James Hyman Gallery presents online exhibition to address physical and mental health
James Hyman Gallery presents a specially curated online exhibition that addresses physical and mental wellbeing entitled In Sickness and in Health: Heather Agyepong, Anna Fox and Jo Spence (18 May – 19 June 2020).
Originally conceived for the cancelled Paris Photo New York fair in March, the themes of this three person exhibition have taken on a new resonance in the present global health crisis. The opening is timed to coincide with the UK’s Mental Health Awareness Week and 10% of sales will go to MIND, the mental health charity.
The exhibition includes Jo Spence’s seminal “Phototherapy” work made in the 1980s when Spence used photography as a psychological tool to navigate her diagnosis with cancer. Anna Fox presents one of her most celebrated, powerful and intimate bodies of work, My Mother’s Cupboards and my Father’s Words, a recording of her ill father’s outbursts that were mainly directed at the female members of his family. It is the first time the series has been made commercially available with the publication of a limited edition. The exhibition is also the premiere for Heather Agyepong’s latest series, Wish You Were Here (2020), a new body of work focusing on the life of Aida Overton Walker, the celebrated African American vaudeville performer.
Heather Agyepong’s Wish You Were Here (2020) follows the success of her earlier series Too Many Blackamoors, to focus on the life of Aida Overton Walker, the celebrated African American vaudeville performer. Known as the Queen of the Cake-Walk – in reference to a dance craze that swept America & Europe in the early 1900s – Walker challenged the rigid and problematic narratives of black performers.
Originally performed by slaves who mocked and mimicked their slave owners and high society, by the early twentieth century the dance had become so fashionable that postcards depicting Cake-Walk dancers were distributed around Europe. These postcards were often grotesque and offensive with the allure of spectacle where the performers lacked agency. Agyepong echoes these postcards but re-imagines the subject not as one of oppression but of self-care with a mandate for people of Afro-Caribbean descent to take up space. The images explore the concepts of ownership, entitlement and mental well-being. The series was commissioned by the Hyman Collection and Agyepong has just been announced as one of the winners of a grant from Firecracker.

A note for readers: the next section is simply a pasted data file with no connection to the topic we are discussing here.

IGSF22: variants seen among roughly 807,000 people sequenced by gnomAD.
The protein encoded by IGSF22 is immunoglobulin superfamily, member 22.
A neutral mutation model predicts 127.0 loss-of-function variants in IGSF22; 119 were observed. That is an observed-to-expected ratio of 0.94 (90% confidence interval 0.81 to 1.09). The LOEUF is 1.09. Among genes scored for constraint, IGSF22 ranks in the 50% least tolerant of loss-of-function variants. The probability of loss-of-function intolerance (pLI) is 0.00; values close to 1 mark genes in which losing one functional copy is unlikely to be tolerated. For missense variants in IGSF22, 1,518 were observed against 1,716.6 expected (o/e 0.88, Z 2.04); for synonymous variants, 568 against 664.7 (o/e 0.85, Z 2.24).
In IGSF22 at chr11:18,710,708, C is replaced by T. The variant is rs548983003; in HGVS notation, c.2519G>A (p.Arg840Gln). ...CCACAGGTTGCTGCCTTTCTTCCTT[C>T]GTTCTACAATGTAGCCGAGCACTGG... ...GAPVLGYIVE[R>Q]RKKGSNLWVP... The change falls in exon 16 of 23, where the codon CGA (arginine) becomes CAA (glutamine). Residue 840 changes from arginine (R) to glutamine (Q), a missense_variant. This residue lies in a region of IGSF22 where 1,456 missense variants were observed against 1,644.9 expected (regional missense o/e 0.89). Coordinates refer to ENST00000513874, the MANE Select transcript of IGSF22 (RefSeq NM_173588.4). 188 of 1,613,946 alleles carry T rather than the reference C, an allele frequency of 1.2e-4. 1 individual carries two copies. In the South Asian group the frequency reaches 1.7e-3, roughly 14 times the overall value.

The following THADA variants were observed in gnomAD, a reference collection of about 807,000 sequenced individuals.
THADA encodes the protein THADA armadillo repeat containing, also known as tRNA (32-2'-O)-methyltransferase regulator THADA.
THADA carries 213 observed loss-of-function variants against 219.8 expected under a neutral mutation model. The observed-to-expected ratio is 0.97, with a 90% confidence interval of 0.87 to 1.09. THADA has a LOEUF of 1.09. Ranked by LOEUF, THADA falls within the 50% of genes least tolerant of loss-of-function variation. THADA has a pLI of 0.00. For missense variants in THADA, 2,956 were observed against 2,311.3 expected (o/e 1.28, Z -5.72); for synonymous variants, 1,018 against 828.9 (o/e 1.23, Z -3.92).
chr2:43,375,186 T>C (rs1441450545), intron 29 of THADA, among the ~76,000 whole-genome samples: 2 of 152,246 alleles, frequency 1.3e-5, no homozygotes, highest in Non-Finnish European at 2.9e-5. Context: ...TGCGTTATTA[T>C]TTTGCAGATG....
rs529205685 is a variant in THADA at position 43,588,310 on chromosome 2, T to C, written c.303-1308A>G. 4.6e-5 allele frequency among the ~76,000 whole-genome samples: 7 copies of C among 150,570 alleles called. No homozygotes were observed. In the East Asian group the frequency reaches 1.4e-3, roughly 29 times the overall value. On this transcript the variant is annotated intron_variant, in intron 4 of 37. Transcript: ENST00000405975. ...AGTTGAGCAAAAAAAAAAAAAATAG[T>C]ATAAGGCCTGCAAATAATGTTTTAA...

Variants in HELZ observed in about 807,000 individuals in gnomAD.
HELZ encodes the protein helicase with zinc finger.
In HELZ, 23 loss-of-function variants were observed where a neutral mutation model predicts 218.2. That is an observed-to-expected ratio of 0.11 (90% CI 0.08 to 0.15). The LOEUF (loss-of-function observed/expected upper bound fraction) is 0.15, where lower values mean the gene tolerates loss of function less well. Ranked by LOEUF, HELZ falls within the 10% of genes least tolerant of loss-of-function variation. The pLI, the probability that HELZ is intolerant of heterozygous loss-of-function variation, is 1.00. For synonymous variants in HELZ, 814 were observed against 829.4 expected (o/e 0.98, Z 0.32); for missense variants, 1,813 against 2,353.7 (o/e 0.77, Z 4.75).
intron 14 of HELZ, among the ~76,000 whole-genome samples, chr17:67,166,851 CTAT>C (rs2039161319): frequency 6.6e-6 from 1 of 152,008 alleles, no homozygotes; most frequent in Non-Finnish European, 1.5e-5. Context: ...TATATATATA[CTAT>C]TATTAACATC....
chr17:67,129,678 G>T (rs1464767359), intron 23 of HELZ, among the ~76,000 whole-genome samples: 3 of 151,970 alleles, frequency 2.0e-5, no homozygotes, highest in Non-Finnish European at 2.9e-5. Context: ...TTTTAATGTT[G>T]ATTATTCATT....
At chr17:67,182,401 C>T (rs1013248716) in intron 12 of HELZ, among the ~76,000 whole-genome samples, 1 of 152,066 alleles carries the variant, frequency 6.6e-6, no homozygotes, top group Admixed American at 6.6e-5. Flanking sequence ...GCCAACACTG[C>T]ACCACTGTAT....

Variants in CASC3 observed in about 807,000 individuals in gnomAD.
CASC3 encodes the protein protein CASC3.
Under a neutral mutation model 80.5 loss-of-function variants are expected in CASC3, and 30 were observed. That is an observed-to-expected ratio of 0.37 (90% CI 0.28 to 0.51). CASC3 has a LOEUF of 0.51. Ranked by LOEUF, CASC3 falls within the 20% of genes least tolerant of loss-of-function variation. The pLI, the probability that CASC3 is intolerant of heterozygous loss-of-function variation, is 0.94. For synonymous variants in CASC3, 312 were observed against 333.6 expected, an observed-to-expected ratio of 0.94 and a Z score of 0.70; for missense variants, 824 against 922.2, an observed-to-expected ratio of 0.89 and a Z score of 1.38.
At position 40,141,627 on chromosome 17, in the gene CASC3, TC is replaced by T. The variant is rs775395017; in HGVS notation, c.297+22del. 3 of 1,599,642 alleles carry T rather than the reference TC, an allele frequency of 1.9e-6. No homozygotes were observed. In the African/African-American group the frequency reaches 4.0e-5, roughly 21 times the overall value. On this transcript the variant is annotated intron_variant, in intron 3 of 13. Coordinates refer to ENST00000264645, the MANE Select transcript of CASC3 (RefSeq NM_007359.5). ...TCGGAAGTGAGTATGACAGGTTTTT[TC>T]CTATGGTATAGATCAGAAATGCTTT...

Anna Fox presents one of her most celebrated, powerful and intimate bodies of work My Mother’s Cupboards and my Father’s Words. This is the first time the series has been made commercially available with the publication of a limited edition, as it was originally conceived as a miniature limited edition book that paired images and text. While her father was ill for many years, Fox kept a notebook recording his outbursts that were mainly directed at the female members of his family. Her father’s words are paired with a series of claustrophobic images of her mothers’ neatly kept cupboards to reveal a couple struggling to keep an even keel in the wake of a rapidly debilitating disease.
The series presently features in the provocative exhibition Masculinities Liberation through Photography (Barbican Centre, London and tour to Rencontres Arles, and the Gropius Bau, Berlin) where the series has met with particular critical acclaim. The book has also long been out of print and this presentation coincides with the launch of a newly conceived publication of the work in a special edition of 500 copies.
Jo Spence who died in 1992 remains one of the major influences on contemporary British photography in the way in which she placed herself at the centre of her work and in the performative nature of these images. The exhibition includes rare and unique examples of her seminal “Phototherapy” work made in the 1980s. In 1981 Spence was diagnosed with cancer and much of her subsequent work was a response to her treatment by the medical establishment and her attempt to navigate its authority through alternative therapies. Subsequently Spence used photo narrative, montage and performative re-staging of personal trauma, using photography as a psychological tool.
In ‘Phototherapy’ sessions Spence and collaborators such as Rosy Martin adopted techniques from co-counselling. The considerable achievement of Photo-Therapy was to invert the traditional relationship between the photographer and the subject. Whereas previously the photographic subject had little control over their own representation, Phototherapy shifts this dynamic. The subject is able to act out personal narratives and claim agency for their own biography. Spence was recently the subject of a major exhibition at the Wellcome Collection in London.
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Image credit: Heather Agyepong, Wish You Were Here (6. Le Cake-Walk_ Spotlight on Rest), 2020, C-Type colour print on Hahnemuhle paper, c. James Hyman